Having a Virtual 2 for Seder?  See our Virtual Resources Page for ideas, downloads and inspirations! 

2 for Seder is a special program.  When Joyce Fienberg, my mother-in-law, was murdered at the Tree of Life synagogue in Pittsburgh, I felt that there was so much emphasis from the reporters on how she died or basic facts of her life.  I don’t mourn her death, I deeply miss her in my everyday life.  When I spoke to people at the Shiva and afterwards, strangers from all walks of life wanted to know about who she was.  What made her special?  Joyce was a deeply caring person who wanted everyone to get along. She would work extremely hard (and I got to help) to make sure each individual who joined us at a holiday table was comfortable, relaxed and happy regardless of the food restrictions or different traditions they might have.  She brought people together and they never forgot it.

2 for Seder is held in Joyce’s loving spirit.  Bring 2 people to their first Seder at your house (or on your Zoom) and it will be a unique Jewish experience that they will never forget.  It provides a natural counterweight to the stereotypes and tropes that relentlessly follow Jews.

During the “How to Host a Virtual 2 for Seder” events this year, co-founder Lauren Kline and I have received questions that you may also have about 2 for Seder.  I’d like to address them here and encourage you to participate in 2 for Seder in any way that makes you comfortable.

How does a dinner invitation fight back against anti-Semitism?
This year, we will be talking about the concept of casual anti-Semitism, where it’s becoming socially acceptable (again) to make jokes or insult people because they are Jewish or someone who isn’t Jewish exhibiting “Jewish stereotypical” actions.  Personally, I feel this is the type of humor that people who aren’t actually funny rely on to get attention.

2 for Seder helps fight back against this trend. Providing a first-time, immersive Jewish experience at the Seder provides a powerful counterweight. We have story after story about this impact. Your openness makes a difference.

Why Seder?
Joyce was killed for being Jewish.  Our goal is to reduce anti-Semitism and the potential for its growth.  Seder is not only beloved and practiced by most North American Jews, but it is intended for and accessible to someone hearing the story for the first time. You don’t need to create anything new or special, it’s all right there for you. It’s a joyous Jewish occasion that can be shared and will be remembered.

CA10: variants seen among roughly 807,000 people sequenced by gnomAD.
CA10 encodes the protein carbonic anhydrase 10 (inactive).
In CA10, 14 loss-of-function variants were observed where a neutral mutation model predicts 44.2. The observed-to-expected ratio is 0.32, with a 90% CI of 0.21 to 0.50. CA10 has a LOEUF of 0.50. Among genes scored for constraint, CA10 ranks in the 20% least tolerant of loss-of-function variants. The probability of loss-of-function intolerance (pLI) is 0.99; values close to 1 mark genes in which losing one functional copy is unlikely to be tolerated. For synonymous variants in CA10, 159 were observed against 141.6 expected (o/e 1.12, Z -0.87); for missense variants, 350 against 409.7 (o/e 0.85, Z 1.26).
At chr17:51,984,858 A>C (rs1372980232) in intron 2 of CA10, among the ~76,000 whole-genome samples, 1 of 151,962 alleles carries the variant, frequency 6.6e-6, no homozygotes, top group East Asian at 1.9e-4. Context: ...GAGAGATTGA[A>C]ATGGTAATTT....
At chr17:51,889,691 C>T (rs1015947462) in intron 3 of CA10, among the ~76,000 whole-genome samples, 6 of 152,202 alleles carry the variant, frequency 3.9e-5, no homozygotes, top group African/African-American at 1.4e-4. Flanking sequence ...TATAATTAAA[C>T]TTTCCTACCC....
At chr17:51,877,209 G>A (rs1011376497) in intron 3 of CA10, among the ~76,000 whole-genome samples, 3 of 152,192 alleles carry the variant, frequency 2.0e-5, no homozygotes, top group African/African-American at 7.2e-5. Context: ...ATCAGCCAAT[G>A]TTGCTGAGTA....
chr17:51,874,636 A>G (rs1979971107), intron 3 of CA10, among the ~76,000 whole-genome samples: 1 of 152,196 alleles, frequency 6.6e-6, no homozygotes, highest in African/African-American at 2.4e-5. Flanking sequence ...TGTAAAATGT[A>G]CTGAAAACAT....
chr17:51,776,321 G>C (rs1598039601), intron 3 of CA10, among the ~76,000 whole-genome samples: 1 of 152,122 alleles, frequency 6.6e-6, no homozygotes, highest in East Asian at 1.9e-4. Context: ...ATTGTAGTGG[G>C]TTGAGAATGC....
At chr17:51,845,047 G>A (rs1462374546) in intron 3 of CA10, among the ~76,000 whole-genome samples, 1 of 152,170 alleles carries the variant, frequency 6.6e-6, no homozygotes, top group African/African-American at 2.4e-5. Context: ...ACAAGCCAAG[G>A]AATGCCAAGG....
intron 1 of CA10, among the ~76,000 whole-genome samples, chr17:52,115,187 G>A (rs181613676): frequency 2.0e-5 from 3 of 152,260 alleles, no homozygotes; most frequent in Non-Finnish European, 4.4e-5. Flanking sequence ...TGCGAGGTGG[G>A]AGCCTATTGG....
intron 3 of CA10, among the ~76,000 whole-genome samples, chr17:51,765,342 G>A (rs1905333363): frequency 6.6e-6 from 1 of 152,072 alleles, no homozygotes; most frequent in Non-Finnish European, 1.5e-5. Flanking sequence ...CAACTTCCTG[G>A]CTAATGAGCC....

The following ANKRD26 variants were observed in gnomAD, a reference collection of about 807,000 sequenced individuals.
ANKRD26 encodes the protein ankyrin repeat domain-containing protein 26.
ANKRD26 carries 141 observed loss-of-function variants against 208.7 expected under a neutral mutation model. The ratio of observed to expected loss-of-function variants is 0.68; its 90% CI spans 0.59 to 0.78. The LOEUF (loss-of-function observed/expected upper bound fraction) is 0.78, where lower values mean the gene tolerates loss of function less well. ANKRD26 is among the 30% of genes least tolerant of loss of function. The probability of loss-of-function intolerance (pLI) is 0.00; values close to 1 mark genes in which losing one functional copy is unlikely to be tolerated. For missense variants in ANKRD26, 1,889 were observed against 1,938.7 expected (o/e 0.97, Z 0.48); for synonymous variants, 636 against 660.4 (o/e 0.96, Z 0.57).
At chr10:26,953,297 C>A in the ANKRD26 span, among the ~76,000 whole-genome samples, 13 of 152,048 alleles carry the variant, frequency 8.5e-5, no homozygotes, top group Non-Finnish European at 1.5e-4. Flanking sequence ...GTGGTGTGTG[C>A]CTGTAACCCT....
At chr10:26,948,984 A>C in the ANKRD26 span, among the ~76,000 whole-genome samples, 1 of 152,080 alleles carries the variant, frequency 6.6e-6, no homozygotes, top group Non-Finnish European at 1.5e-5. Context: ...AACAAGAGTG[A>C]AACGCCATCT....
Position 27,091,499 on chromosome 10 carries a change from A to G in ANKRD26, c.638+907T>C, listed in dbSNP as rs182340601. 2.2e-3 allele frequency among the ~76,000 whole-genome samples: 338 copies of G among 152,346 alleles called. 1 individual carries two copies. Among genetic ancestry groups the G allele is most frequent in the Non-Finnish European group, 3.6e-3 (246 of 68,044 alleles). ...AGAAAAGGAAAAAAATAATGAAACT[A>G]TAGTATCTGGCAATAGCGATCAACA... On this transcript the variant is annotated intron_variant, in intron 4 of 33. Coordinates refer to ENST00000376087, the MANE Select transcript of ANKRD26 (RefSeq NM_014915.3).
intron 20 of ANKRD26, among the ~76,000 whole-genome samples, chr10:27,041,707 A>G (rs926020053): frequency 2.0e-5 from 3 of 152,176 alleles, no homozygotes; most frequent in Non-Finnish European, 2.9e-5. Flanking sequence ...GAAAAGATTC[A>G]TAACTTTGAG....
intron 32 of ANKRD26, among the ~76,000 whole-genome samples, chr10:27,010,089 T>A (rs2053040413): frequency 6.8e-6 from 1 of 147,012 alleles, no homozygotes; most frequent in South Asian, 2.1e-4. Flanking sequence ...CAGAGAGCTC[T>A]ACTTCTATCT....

Why invite two people?
2 for Seder asks everyone involved to step a little out of their comfort zone.  For your guests, it’s always easier to try something new with a partner or friend!

My friend and co-founder Lauren are a great example. Together we can do anything – even try to tackle anti-Semitism.

Who should I invite?
Your best friends have (hopefully) been to your Seder at least once!  Take a look at your outer circles of friends, acquaintances and neighbors. The key is inviting someone who has never been to a Passover Seder to provide that initial immersive experience.

How to approach and then invite interfaith people
This is an interesting question.  It assumes that in our secular society a religious invitation will not be well received. In fact, many people respect religion and are interested in finding our commonalities. It is also a sign of respect and trust to invite someone to interact with your family in such an intimate way.

When you are planning to reach out, think about their background.  If they are coming from an Abrahamic-based religion (such as Christianity or Islam), they may have learned about the Seder as part of their own tradition.  Asking them if they would like to experience a Seder to learn about the Jewish perspective and deepen their religious heritage may be very appealing. If they are coming from an Asian religion, this may be of general interest to learn about a new culture.

I’m completely exhausted from COVID!  Why are you encouraging 2 for Seder this year instead of taking a break?
Anti-Semitism is not taking a break during COVID, in fact, incidents are rising slightly.  We don’t have the luxury of taking the year off.  Every person who changes their mind about casual hate towards Jews is a win for peace.

As our country experiences hate and violence, we may feel helpless. Connecting with people and welcoming them to our Passover Seder is something that we can do and it has a powerful impact.

As we learned last year, the “silver lining” of a virtual Seder is that it’s easy to add people to your virtual Seder. A small effort creates a big mitzvah (good deed).

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